In contrast, THE CHINESE BOXER featured standard Japanese villains that had little nuances to distinguish one from the other but nothing near the level of absurdity on display in this madness. Wang's insanity meter would be off the charts in 1976 when he resurrected the character in ONE ARMED BOXER 2, aka ONE ARMED BOXER VS. THE FLYING GUILLOTINE, aka MASTER OF THE FLYING GUILLOTINE (1976), one of the most popular old school Kung Fu features ever devised. 

ONE ARMED BOXER was a hit, but did about half of what THE CHINESE BOXER did. The more famous sequel made a bit more money; although his other one-armed sword-slingers (like THE ONE ARMED SWORDSMEN in 1976 and ONE ARMED CHIVALRY FIGHTS AGAINST ONE ARMED CHIVALRY in 1977) produced throughout the 1970s were obscured by more slickly made productions and changing trends.

As for the martial arts sequences, there's not a lot of variance despite the array of colorful martial malefactors. Tang Chia's CHINESE BOXER choreo was a lot more powerful in execution than Chen Shih Wei's interchangeable action motif. It's enhanced with gimmicks as opposed to adherence to the style on display. For many, these outlandish contrivances will be the attraction.... and this movie is filled with those of the sideshow variety. This wasn't lost on the film's US distributors, National General Pictures, who marketed it with the type of carnivalesque zeal the likes of which you can't find anymore.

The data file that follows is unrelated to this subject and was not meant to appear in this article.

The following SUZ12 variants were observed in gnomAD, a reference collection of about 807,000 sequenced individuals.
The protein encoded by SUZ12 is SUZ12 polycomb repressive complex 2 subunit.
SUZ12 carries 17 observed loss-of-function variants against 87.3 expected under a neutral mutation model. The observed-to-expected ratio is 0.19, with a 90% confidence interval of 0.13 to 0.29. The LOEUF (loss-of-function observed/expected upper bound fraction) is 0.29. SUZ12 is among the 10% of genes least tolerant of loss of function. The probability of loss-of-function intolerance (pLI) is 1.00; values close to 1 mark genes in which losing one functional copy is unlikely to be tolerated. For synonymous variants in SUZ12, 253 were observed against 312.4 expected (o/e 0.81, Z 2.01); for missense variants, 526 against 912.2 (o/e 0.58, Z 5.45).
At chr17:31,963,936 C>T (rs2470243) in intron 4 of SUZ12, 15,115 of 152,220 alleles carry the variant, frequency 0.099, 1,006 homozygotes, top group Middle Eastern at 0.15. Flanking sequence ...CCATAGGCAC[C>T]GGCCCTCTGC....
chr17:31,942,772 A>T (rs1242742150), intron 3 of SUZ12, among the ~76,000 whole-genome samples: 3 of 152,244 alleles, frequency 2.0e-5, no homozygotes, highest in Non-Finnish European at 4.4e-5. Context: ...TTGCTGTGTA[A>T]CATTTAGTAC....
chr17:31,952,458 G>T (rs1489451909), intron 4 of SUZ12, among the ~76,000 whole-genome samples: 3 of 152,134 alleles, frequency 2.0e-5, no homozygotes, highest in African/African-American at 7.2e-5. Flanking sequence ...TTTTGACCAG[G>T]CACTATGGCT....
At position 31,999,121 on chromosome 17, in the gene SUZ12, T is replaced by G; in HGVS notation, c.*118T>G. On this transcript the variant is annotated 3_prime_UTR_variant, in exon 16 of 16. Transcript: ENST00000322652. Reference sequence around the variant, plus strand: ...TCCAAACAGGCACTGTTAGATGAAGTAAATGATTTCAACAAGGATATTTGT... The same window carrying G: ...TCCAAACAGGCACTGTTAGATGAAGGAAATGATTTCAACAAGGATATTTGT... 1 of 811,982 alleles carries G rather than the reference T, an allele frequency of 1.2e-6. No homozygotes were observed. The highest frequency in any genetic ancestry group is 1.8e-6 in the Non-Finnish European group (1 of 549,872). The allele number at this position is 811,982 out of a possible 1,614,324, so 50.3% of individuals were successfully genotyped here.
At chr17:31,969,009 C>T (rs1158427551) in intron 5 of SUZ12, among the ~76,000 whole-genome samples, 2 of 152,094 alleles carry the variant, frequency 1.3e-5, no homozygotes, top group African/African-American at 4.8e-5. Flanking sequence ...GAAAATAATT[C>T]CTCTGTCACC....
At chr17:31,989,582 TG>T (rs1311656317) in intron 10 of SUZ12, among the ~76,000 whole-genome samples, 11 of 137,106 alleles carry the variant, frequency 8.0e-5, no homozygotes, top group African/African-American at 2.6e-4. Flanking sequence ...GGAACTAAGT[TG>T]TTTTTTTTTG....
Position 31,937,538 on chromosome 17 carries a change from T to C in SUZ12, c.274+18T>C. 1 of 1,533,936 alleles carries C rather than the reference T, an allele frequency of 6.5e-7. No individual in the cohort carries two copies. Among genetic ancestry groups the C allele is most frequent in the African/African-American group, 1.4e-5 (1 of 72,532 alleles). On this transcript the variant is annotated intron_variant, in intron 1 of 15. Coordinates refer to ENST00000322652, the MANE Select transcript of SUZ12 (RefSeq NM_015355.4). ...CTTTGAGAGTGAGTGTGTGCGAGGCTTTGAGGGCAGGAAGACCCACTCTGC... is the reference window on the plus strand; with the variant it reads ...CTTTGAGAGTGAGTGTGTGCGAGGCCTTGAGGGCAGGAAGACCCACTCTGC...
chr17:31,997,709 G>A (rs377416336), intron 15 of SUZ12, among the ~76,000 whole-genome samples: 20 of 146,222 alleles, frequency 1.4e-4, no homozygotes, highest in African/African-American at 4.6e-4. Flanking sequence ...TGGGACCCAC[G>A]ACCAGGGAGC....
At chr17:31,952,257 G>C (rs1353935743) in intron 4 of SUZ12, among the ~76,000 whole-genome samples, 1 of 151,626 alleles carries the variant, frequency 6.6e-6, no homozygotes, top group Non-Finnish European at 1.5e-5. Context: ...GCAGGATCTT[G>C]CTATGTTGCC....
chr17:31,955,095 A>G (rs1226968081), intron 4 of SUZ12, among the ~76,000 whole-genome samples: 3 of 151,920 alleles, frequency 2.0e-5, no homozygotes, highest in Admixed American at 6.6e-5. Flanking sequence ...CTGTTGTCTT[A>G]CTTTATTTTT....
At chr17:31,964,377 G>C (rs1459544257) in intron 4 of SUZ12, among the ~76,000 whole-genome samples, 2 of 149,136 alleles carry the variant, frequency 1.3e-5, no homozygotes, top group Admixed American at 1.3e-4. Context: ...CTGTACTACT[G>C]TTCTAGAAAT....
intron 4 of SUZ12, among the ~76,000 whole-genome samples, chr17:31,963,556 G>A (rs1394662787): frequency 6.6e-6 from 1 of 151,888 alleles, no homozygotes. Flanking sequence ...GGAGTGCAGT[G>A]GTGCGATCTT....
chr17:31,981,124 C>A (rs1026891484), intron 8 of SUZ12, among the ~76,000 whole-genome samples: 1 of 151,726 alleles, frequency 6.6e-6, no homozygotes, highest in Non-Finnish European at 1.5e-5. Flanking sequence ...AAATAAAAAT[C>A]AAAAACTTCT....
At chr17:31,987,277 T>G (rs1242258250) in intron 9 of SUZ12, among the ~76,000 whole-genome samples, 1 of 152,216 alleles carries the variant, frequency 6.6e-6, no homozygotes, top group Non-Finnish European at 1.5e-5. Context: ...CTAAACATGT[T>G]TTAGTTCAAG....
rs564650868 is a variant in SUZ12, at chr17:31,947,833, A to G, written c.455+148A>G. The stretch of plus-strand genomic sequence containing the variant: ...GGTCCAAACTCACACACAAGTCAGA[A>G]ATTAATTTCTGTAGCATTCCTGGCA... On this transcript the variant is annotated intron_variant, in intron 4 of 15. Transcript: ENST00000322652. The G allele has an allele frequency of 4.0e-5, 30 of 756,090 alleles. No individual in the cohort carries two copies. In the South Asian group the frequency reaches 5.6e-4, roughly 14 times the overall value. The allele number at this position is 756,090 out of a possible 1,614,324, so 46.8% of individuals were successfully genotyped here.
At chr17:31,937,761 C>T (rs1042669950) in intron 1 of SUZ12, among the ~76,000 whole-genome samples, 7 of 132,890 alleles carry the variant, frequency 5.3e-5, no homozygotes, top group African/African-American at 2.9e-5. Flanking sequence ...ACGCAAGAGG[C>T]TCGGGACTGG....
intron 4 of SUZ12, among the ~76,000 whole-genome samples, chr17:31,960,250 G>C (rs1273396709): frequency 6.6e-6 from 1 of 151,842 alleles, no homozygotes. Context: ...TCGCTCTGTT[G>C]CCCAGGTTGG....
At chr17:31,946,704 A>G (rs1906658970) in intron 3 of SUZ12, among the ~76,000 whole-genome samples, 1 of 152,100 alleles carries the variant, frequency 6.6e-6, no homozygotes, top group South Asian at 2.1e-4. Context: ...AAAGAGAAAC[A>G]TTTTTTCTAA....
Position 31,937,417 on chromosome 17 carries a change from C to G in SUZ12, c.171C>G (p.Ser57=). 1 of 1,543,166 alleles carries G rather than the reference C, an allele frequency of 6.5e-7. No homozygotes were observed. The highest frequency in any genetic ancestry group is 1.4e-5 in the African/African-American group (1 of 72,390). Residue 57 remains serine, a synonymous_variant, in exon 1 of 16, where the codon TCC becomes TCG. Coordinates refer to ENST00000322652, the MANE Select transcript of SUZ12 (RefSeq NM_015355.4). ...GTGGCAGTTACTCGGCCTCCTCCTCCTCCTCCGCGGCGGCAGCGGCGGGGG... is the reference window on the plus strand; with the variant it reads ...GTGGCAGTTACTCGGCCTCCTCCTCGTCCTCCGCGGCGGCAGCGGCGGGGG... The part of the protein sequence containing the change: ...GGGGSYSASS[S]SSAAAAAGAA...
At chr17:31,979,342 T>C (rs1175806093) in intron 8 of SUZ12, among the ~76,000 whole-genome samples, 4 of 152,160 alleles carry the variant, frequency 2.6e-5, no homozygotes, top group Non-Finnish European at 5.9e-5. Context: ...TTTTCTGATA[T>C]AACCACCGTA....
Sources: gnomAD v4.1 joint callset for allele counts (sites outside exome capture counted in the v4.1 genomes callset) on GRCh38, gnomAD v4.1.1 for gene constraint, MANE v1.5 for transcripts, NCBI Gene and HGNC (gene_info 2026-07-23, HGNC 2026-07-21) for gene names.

The fighting is nearly non-stop (taking up 90% of the running time if not more!). Characterization is pulverized like any of the dozens of extras in the film. For instance, when Wang Yu loses his arm (severed by a Karate chop!), there's no period of brooding as he's nursed back to health; or moments of doubt like, "How can I beat Japanese Dracula?" Instead we get a series of freeze-frames and it's right on to the torture training sessions--Wang Yu burning his arm to a cinder followed by pounding it with a large stone to make sure those nerve endings are sufficiently dead. From there, the climax entails Wang Yu single-handedly (haha) clobbering his eight opponents in and around volcanic pits. Naturally, some folks get thrown into them.

One of the most famous films in the Golden Harvest catalog, when the company was formed in 1970, they offered a tempting alternative to Shaw's old Hollywood style operation. Promising more freedom right off the bat, GH lured away some of Shaw's other talent including actors like Chang Yi; who, like Wang Yu, broke his contract with the company. Other big names the Shaw's would lose to their competition around this time was Bruce Lee and Michael Hui.